Sat, Nov 04, 2017 - Page 8 News List

A 30-year tragedy of exchanges

By Huang Tien-lin 黃天麟

Thirty years ago, on Nov. 2, 1987, then-president Chiang Ching-kuo (蔣經國) allowed Taiwanese to travel to China so that they could visit relatives. Pro-China media have used the anniversary as a chance to encourage cross-strait exchanges, and the Mainland Affairs Council organized a conference to discuss the past and future of such exchanges.

The question is whether the day is one of celebration and commemoration for Taiwan or whether it is the beginning of another tragedy, like Taiwan Restoration Day.

Allowing Taiwanese to visit their relatives in China was valuable from a humanitarian perspective, but Taiwan finds itself in a special situation, as China is an enemy state that wants to annex Taiwan.

Thirty years of cross-strait exchanges have showed that the day that Taiwan opened up to China was the day that Taiwan’s prosperity began to decline.

The 1980s were Taiwan’s golden age, when its average economic growth of 8.48 percent was the highest in Asia. In 1987, annual economic growth peaked at 12.7 percent and it was against this backdrop that the policy of allowing veterans to return to China to visit their families took shape.

At that time, Taiwan’s GDP was almost equivalent to China’s, and Taiwanese visiting China were treated as “gods of wealth and fortune.”

However, this also struck the foundation of Taiwan’s economic miracle in the form of a decisive blow called the “three noes” policy (三不政策): no contact, no compromise and no negotiation.

Taiwan is on the periphery of China, which means that it would become marginalized if it were to unite with China.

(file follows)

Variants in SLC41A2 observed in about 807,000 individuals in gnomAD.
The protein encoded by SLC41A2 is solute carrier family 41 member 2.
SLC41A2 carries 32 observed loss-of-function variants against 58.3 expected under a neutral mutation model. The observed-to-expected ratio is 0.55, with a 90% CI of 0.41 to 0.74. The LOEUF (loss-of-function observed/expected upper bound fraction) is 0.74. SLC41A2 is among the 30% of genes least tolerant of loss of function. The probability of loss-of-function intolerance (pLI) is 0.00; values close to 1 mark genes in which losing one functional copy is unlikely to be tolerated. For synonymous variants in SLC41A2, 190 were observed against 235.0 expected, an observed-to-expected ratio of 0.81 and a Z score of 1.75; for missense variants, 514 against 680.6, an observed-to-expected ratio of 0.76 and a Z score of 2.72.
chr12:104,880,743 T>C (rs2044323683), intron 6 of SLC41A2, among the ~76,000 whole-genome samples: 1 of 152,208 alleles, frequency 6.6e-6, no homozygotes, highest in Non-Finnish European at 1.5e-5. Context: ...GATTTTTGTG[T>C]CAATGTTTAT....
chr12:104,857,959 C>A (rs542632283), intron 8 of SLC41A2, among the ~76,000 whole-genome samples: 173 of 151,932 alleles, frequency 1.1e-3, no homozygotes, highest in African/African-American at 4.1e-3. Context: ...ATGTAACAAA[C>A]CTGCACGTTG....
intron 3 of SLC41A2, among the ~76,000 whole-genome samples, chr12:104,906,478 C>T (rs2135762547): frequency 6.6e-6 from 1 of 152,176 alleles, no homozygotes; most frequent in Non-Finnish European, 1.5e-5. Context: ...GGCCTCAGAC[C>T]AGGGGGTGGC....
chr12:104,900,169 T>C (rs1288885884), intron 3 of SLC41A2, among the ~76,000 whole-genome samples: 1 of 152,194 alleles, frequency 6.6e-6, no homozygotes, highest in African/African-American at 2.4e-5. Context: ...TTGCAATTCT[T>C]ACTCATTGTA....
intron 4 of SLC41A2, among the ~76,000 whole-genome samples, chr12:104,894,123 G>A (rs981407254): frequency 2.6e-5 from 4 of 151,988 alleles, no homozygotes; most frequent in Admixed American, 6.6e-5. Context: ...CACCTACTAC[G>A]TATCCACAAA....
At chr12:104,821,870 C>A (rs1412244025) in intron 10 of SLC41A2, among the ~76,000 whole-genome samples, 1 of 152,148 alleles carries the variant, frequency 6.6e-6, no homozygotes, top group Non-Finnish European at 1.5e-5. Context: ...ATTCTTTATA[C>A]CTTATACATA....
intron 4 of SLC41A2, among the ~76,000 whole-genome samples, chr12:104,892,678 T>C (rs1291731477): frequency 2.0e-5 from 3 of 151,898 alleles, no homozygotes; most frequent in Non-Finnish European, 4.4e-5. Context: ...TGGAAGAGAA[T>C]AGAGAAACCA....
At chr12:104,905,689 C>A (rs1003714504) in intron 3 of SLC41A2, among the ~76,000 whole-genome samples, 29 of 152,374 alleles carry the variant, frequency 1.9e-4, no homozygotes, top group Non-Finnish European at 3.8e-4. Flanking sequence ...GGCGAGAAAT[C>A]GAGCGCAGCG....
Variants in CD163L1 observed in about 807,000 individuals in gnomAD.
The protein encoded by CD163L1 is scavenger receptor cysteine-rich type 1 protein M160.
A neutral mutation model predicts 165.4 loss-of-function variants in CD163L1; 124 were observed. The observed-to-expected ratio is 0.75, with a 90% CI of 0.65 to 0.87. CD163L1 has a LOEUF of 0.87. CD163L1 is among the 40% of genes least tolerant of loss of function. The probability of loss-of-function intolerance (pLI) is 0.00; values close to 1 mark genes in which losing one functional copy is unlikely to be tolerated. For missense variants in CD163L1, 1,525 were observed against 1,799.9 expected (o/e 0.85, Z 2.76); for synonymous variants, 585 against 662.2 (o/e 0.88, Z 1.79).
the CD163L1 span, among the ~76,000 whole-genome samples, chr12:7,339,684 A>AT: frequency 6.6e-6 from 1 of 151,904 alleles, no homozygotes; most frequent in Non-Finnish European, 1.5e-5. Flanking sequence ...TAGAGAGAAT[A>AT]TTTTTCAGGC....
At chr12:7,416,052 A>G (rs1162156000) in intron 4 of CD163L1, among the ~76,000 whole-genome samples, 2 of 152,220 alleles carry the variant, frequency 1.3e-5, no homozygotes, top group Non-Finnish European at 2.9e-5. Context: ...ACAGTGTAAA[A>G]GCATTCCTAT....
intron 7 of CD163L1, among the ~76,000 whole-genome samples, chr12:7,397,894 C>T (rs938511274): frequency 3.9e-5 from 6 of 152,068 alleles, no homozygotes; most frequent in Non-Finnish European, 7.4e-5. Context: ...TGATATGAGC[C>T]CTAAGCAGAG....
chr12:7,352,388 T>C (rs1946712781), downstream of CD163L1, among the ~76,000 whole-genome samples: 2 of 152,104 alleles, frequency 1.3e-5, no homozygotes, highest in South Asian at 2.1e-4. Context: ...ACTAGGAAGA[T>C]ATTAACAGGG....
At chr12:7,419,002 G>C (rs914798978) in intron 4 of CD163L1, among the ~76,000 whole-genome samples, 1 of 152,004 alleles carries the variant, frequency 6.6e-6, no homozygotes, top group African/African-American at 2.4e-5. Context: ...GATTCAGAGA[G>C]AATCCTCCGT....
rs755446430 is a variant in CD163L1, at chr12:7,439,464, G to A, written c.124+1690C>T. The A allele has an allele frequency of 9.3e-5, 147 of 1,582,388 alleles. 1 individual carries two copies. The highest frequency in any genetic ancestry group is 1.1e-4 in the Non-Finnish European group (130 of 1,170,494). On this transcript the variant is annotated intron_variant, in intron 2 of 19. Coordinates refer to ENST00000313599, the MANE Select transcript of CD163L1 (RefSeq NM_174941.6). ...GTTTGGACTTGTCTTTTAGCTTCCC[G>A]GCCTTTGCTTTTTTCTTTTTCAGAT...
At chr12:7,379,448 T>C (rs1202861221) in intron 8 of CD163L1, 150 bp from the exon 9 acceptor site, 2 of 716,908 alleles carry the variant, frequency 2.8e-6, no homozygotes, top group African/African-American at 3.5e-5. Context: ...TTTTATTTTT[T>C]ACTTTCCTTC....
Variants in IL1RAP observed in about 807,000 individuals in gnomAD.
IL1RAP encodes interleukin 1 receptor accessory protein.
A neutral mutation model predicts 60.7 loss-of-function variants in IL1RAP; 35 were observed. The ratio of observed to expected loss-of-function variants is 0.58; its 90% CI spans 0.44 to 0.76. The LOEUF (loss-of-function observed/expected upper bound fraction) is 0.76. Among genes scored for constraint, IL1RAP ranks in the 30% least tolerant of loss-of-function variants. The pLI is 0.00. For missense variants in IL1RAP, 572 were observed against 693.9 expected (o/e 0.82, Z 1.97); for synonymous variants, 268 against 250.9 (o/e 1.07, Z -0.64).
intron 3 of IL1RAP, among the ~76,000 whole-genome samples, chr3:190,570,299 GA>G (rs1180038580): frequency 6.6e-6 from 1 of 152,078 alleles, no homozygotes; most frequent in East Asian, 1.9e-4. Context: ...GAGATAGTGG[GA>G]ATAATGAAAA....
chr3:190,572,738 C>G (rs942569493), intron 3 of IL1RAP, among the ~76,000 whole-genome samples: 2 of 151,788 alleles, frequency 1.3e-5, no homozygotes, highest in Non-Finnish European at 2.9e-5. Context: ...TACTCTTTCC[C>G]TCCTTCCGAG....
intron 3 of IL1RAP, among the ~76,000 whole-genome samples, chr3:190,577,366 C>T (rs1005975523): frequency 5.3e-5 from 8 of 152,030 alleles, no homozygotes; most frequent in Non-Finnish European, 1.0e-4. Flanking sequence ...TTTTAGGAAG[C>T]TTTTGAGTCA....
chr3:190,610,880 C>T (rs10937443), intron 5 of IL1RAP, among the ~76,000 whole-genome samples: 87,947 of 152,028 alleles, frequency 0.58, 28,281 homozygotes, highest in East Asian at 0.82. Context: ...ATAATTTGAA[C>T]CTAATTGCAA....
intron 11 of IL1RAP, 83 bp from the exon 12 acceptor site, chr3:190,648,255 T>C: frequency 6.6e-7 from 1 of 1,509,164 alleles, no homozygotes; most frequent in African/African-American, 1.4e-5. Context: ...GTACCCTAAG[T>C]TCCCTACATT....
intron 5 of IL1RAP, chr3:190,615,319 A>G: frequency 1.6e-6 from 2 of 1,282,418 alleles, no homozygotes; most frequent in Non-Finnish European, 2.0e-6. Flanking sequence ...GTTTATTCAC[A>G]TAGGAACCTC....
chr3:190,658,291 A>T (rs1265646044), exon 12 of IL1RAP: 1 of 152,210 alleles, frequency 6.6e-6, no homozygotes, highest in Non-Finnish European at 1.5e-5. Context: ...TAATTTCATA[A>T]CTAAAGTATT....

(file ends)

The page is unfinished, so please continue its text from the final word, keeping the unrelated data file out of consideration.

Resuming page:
Whether China is rich or not, Taiwanese resources would be attracted to China. If China were poor, it would attract Taiwanese wealth and investment, and if it were rich, it would attract Taiwanese talent and capital.

Only by cutting ties with China will Taiwan once again build a booming and free economy, an economic principle proven by the past “three noes” policy.

Granting Taiwanese permission to visit relatives in China opened the door to cross-strait exchanges, and once the door was wide open, visiting relatives developed into traveling, which in turn led to investment.

After the Tiananmen Square Massacre in 1989, at a time when the Chinese economy was stagnant due to international sanctions, Taiwanese visiting relatives in China brought their wealth and Taiwanese tourists brought businesses and jobs.

Taiwanese businesspeople who set up manufacturing in China and invested in China greatly benefited from low production costs and exchange-rate dividends.

It was a blow to the businesspeople that stayed in Taiwan, forcing them to relocate to China, too.

The result was that the momentum of Taiwan’s economic growth drastically slowed and double-digit growth was something in the history books, as growth dropped from 12.7 percent in 1987 to 6.8 percent in 1993.

During the 1990s, Taiwan was able to maintain moderately high economic growth of 6.6 percent, thanks to then-president Lee Teng-hui’s (李登輝) “no haste, be patient” (戒急用忍) policy.

It was an economic policy that tried to use political force to stave off attraction to China. The policy introduced a cap on China-bound investments for some sectors, while banning other sectors, such as the wafer and financial industries, from investing in China altogether.

In 1999, the percentage of Taiwan’s overseas production was kept to 19.28 percent, and the level of its export dependence on China was kept to 23.8 percent, which helped lay the foundation for Taiwan’s leading role in the global semiconductor industry.

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